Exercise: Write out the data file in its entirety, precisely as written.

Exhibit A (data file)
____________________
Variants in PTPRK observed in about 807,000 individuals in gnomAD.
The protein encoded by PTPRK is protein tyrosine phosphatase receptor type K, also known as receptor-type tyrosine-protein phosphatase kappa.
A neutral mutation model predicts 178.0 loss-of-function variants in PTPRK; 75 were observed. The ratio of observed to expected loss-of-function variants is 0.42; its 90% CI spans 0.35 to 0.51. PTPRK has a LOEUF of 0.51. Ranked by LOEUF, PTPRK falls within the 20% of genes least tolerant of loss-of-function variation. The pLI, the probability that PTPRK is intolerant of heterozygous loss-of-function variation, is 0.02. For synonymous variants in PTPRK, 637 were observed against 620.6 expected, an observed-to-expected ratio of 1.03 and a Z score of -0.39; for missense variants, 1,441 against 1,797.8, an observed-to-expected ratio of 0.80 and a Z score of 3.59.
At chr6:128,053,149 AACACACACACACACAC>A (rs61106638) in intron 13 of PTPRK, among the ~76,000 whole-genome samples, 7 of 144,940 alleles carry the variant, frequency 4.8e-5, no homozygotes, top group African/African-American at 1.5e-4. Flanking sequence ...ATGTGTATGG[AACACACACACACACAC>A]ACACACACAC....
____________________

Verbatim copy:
Variants in PTPRK observed in about 807,000 individuals in gnomAD.
The protein encoded by PTPRK is protein tyrosine phosphatase receptor type K, also known as receptor-type tyrosine-protein phosphatase kappa.
A neutral mutation model predicts 178.0 loss-of-function variants in PTPRK; 75 were observed. The ratio of observed to expected loss-of-function variants is 0.42; its 90% CI spans 0.35 to 0.51. PTPRK has a LOEUF of 0.51. Ranked by LOEUF, PTPRK falls within the 20% of genes least tolerant of loss-of-function variation. The pLI, the probability that PTPRK is intolerant of heterozygous loss-of-function variation, is 0.02. For synonymous variants in PTPRK, 637 were observed against 620.6 expected, an observed-to-expected ratio of 1.03 and a Z score of -0.39; for missense variants, 1,441 against 1,797.8, an observed-to-expected ratio of 0.80 and a Z score of 3.59.
At chr6:128,053,149 AACACACACACACACAC>A (rs61106638) in intron 13 of PTPRK, among the ~76,000 whole-genome samples, 7 of 144,940 alleles carry the variant, frequency 4.8e-5, no homozygotes, top group African/African-American at 1.5e-4. Flanking sequence ...ATGTGTATGG[AACACACACACACACAC>A]ACACACACAC....